- You made a sort of believable story about worm-holes and warping space-time...and then you crammed in the idea that love is an actual super-natural force that transcends space-time, but not just any love, father-daughter love? A. It's corny as fuck. B. You don't need to tack on something super-natural like love being an undiscovered aspect of physics like it's the god damn Higgs Boson. It just makes people roll their eyes and try to ignore that Anne Hathaway was in the movie. Let their love speak for itself.
- If you want to make a movie that's like 2001 A Space Odyssey, why do you edit it like it's a music video? 2001 is full of incredibly long shots of beautiful space things with no dialogue and sometimes no music. It gives the audience space and time to think about what's happening, to live inside their own heads for a moment and wrap their heads around what's going on. While I think 2001 does this too much and could have done with a good trim, it still stands that one of the reasons 2001 is good is that it is not in your face and it gives you time to think. This movie throws three times as much information at you, but before you can think about it, it then slams you with a plot twist followed by a bunch of crappy dialogue. For example, any space-travel sequence is filled with non-sense pilot chatter. “Full reverse thrusters” “On my mark, 3, 2, 1” “Match the spin now.” A. Pilots don't narrate what they are doing. B. It's not even necessary, it's not like the audience would be totally lost if Coop doesn't explain what he's doing. C. Imagine instead that these sequences don't involve rapid cuts and shitty fake-pilot dialogue, and instead consist of long shots and no dialogue that let you just appreciate the visuals and have some space to think. I think you get more tension from silence than you do from random fake pilot speak. Also, for all the pretty visuals, they sure like to cram in as many cuts as possible. No, stop looking at the wormhole, instead, look at Anne Hathaway passing out and then a close up of the ship exterior, now back to Coop, now back to Hathaway, now back to the exterior. How about an iconic long shot as they traverse a worm hole that doesn't cut away from the pretty visuals? And it's not just a problem with space travel. They also cram in random shit throughout the whole movie. Clips from the future of people talking about dust storms, let's just cram that in to the beginning. This movie is nearly 3 hours long, yet it can't ever find more than 15 seconds to let you think without hitting you over the head with corny dialogue about love or stupid fake pilot speak or a random plot twist. It's almost like Nolan is afraid that if a scene takes more than 40 seconds we'll get bored. You make so-called philosophical movies that make you think, but apparently the thinking is homework for when the movie is over.
Astronauts cry a lot right?The ending sucks. So Coop makes it out of the black hole alive, is recovered floating in space, then meets Murph as a grandma, but just for about 30 seconds before she tells him to leave (cause the audience is bored already, it's been 30 whole seconds). Then he steals a spaceship and heads to Anne Hathaway because she was the only woman in the movie he's allowed to have sex with so he has to go to her now or something. So, they choose to have Cooper live through a black-hole only to have this not really pay off. Sure he meets Murph again, but she tells him to leave almost immediately and she dies. Was that worth it? Then he goes to Anne Hathaway...who is still alone on that planet for some reason? They've launched massive city-sized ships, but they couldn't send a single shuttle with like 4 people to go help Anne Hathaway? They even send for grandma Murph to come out to Saturn and meet Cooper, and they have a hangar full of ships...so they're heading to the new home for humanity, but haven't bothered to send anyone to help the single individual woman who is on the planet by herself getting it ready? Why? It's not even a plot hole because the fact that she's alone doesn't really matter for anything anyway. Why do we make such a leap, that Cooper lives through the black hole and is recovered, only to have such an unsatisfying ending?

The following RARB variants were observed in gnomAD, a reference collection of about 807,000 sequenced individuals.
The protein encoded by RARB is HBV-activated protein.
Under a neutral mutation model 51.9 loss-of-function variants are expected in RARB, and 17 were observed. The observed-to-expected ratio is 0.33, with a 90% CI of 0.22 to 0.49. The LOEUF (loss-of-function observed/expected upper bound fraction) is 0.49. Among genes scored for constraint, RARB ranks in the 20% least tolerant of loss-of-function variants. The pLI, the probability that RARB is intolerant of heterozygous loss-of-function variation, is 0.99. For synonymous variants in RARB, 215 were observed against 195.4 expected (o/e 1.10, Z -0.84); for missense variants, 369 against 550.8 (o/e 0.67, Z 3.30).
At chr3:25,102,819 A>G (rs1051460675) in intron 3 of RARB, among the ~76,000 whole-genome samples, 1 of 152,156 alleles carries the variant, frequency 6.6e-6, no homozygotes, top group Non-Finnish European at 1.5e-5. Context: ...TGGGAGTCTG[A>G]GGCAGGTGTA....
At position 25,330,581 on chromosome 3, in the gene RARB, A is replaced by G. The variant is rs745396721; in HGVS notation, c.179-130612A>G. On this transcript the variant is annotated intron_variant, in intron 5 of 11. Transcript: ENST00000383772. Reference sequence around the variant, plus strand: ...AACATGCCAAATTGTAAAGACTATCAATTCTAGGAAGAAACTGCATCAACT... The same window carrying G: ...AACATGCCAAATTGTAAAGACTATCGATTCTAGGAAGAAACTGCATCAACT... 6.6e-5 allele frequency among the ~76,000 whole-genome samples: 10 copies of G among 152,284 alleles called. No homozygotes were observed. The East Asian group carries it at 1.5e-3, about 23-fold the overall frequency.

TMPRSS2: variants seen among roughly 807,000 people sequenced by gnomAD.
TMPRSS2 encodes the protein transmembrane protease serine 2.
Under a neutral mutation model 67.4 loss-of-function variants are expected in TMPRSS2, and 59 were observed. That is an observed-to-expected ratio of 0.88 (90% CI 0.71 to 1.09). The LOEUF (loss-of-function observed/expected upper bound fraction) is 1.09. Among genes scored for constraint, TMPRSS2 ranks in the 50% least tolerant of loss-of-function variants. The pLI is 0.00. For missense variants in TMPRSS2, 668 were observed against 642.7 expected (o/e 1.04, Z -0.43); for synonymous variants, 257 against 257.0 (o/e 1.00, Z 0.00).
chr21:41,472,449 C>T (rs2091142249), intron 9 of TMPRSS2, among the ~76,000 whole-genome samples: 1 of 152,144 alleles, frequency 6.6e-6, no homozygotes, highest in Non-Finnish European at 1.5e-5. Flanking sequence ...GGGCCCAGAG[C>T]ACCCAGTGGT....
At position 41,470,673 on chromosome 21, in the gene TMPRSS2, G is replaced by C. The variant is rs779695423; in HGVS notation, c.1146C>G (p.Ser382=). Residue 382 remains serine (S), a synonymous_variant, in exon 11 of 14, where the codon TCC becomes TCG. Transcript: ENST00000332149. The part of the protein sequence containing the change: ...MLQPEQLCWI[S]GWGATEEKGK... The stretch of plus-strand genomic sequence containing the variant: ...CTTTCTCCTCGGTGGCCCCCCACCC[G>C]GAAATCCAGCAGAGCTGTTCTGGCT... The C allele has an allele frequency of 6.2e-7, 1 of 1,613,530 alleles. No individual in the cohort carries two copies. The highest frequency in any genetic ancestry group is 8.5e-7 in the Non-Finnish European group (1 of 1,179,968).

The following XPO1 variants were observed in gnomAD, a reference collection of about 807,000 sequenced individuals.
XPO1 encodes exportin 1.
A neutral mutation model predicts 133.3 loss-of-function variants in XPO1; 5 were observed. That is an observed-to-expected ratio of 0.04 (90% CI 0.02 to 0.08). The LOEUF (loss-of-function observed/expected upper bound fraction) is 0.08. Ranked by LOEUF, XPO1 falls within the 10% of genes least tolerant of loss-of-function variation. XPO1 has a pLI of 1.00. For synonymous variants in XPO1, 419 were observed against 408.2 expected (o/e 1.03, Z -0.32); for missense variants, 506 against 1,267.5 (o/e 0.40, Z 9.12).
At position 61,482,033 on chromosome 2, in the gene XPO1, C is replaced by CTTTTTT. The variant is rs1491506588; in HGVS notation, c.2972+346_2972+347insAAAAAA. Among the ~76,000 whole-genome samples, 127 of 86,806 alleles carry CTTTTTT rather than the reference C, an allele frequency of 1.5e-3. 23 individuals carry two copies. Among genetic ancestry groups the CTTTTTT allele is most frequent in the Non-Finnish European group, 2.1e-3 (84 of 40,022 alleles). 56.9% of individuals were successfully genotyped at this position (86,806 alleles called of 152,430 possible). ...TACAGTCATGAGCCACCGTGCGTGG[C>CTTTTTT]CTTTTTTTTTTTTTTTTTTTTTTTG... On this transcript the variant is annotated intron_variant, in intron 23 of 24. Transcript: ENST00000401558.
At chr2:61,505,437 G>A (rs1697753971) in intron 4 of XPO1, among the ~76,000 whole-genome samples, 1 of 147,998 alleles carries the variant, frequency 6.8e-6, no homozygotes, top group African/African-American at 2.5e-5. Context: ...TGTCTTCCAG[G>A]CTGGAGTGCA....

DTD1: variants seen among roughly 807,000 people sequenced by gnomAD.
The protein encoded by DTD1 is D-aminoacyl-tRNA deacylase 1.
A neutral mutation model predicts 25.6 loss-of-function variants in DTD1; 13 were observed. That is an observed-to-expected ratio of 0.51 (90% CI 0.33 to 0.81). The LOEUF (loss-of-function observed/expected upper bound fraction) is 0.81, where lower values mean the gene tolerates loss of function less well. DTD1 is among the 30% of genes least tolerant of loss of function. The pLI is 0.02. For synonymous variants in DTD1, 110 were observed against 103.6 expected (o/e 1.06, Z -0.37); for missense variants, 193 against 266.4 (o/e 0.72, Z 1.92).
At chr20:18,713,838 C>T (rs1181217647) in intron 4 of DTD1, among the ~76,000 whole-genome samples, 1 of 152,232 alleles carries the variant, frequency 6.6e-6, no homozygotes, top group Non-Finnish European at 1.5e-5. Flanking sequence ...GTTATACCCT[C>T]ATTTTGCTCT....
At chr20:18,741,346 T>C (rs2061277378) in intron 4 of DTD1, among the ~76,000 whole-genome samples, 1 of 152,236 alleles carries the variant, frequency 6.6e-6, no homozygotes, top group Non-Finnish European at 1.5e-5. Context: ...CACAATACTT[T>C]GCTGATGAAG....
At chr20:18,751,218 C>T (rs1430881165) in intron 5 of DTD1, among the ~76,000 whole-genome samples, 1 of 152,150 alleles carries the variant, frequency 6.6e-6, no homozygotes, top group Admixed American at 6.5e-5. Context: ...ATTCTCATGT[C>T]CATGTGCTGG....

Here's how I would end the movie instead:
Remember how Cooper could move her books on the bookshelf? Then at the climax, as she's figuring out that he's the ghost...she starts moving books. I thought she was going to communicate with him inside the black hole by writing something in morse code by moving her books. And he could respond, since he can see into that room. Right? They could have communicated back and forth. How's that for an ending? She can't see him, but he can see here, and they communicate with morse code by moving books around, they both cry tears of joy, he then gives her the data. Since he's inside the black-hole, time moves really slowly, almost a stand-still, so he doesn't' die, he's just left in the black hole forever living in that moment. Meanwhile outside the blackhole it just looks like the black hole disappears along with Cooper. He's gone. But to him, time was passing so slowly that he's in there basically for an infinite amount of time living in the moment where he talks to Murph. Then we glimpse her figuring out gravity manipulation and then we see the giant ships leaving earth. The end.